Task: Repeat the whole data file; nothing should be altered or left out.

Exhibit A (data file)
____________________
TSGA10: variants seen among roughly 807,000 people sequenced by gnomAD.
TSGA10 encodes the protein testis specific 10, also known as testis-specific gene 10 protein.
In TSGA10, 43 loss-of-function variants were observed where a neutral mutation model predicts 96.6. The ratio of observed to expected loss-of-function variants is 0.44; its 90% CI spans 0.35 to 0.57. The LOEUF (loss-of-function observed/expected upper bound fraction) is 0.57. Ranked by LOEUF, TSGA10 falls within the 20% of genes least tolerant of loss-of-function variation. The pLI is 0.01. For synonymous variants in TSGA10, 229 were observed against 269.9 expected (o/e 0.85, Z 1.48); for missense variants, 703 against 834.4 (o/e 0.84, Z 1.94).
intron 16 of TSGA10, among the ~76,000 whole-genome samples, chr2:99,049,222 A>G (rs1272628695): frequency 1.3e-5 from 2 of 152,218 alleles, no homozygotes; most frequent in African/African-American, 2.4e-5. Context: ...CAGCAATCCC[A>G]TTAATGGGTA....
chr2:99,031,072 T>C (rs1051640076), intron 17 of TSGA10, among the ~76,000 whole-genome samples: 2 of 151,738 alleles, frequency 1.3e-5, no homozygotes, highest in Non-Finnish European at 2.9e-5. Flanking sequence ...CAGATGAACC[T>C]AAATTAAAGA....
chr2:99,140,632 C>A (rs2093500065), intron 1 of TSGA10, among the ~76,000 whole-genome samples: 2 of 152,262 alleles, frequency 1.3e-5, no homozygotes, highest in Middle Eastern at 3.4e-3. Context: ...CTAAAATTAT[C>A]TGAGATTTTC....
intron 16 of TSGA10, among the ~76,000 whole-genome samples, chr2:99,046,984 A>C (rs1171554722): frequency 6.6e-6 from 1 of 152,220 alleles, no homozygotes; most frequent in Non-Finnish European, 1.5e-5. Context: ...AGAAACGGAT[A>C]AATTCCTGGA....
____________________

TSGA10: variants seen among roughly 807,000 people sequenced by gnomAD.
TSGA10 encodes the protein testis specific 10, also known as testis-specific gene 10 protein.
In TSGA10, 43 loss-of-function variants were observed where a neutral mutation model predicts 96.6. The ratio of observed to expected loss-of-function variants is 0.44; its 90% CI spans 0.35 to 0.57. The LOEUF (loss-of-function observed/expected upper bound fraction) is 0.57. Ranked by LOEUF, TSGA10 falls within the 20% of genes least tolerant of loss-of-function variation. The pLI is 0.01. For synonymous variants in TSGA10, 229 were observed against 269.9 expected (o/e 0.85, Z 1.48); for missense variants, 703 against 834.4 (o/e 0.84, Z 1.94).
intron 16 of TSGA10, among the ~76,000 whole-genome samples, chr2:99,049,222 A>G (rs1272628695): frequency 1.3e-5 from 2 of 152,218 alleles, no homozygotes; most frequent in African/African-American, 2.4e-5. Context: ...CAGCAATCCC[A>G]TTAATGGGTA....
chr2:99,031,072 T>C (rs1051640076), intron 17 of TSGA10, among the ~76,000 whole-genome samples: 2 of 151,738 alleles, frequency 1.3e-5, no homozygotes, highest in Non-Finnish European at 2.9e-5. Flanking sequence ...CAGATGAACC[T>C]AAATTAAAGA....
chr2:99,140,632 C>A (rs2093500065), intron 1 of TSGA10, among the ~76,000 whole-genome samples: 2 of 152,262 alleles, frequency 1.3e-5, no homozygotes, highest in Middle Eastern at 3.4e-3. Context: ...CTAAAATTAT[C>A]TGAGATTTTC....
intron 16 of TSGA10, among the ~76,000 whole-genome samples, chr2:99,046,984 A>C (rs1171554722): frequency 6.6e-6 from 1 of 152,220 alleles, no homozygotes; most frequent in Non-Finnish European, 1.5e-5. Context: ...AGAAACGGAT[A>C]AATTCCTGGA....